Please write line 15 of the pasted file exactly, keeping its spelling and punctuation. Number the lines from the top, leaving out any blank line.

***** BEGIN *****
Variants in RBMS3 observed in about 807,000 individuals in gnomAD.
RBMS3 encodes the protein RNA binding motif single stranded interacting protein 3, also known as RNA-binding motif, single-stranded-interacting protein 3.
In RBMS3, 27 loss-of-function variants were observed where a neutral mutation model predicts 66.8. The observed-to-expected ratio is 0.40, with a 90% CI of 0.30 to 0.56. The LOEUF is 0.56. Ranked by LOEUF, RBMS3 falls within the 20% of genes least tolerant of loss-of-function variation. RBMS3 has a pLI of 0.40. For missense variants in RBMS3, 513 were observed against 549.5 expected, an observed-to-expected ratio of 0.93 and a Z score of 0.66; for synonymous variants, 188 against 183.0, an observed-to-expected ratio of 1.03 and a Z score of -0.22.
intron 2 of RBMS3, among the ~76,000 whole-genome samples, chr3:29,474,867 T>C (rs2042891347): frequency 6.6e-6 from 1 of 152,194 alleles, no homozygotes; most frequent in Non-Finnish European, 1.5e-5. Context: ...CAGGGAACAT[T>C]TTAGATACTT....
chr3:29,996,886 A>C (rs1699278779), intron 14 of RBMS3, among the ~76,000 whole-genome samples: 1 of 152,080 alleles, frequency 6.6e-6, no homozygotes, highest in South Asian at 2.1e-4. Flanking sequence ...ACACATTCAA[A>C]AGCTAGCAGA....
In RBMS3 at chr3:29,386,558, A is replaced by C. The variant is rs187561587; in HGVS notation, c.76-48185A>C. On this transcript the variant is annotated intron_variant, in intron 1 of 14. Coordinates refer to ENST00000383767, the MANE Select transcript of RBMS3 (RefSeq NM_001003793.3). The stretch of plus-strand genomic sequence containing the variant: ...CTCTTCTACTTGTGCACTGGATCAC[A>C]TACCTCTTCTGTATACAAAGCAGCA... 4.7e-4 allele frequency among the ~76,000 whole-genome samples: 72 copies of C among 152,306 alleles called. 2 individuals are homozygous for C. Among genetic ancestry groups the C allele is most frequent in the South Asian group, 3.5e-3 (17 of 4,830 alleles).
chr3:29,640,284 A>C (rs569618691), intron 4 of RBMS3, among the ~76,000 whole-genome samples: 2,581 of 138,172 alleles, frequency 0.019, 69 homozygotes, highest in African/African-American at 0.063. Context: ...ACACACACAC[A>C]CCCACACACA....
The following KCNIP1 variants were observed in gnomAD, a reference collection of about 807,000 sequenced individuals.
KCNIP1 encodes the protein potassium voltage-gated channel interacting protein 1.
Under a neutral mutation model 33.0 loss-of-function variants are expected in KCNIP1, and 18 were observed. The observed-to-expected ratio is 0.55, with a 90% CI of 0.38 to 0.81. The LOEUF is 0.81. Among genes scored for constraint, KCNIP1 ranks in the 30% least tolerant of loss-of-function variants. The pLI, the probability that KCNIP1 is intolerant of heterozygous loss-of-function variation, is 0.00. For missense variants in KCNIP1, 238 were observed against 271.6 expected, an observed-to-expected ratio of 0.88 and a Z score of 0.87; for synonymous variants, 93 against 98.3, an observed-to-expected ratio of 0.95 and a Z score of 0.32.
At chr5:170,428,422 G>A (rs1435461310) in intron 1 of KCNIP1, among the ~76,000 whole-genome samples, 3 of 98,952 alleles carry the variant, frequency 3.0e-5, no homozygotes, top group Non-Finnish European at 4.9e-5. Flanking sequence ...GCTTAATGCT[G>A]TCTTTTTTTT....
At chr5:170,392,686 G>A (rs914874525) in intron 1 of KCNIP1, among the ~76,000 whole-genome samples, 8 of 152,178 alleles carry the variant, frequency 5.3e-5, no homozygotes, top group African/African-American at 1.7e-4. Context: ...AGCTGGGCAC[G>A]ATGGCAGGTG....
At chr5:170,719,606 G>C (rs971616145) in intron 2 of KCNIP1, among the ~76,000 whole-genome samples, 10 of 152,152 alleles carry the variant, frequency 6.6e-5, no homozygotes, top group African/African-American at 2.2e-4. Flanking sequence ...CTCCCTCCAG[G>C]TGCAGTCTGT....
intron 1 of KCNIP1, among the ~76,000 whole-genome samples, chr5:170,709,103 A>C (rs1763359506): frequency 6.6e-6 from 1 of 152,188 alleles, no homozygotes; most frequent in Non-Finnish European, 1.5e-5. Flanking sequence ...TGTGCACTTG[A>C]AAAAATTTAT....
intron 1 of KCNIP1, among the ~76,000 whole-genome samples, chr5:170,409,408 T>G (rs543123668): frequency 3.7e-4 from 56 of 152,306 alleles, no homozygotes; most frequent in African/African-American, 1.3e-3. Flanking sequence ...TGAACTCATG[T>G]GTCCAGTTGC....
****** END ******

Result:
intron 1 of KCNIP1, among the ~76,000 whole-genome samples, chr5:170,409,408 T>G (rs543123668): frequency 3.7e-4 from 56 of 152,306 alleles, no homozygotes; most frequent in African/African-American, 1.3e-3. Flanking sequence ...TGAACTCATG[T>G]GTCCAGTTGC....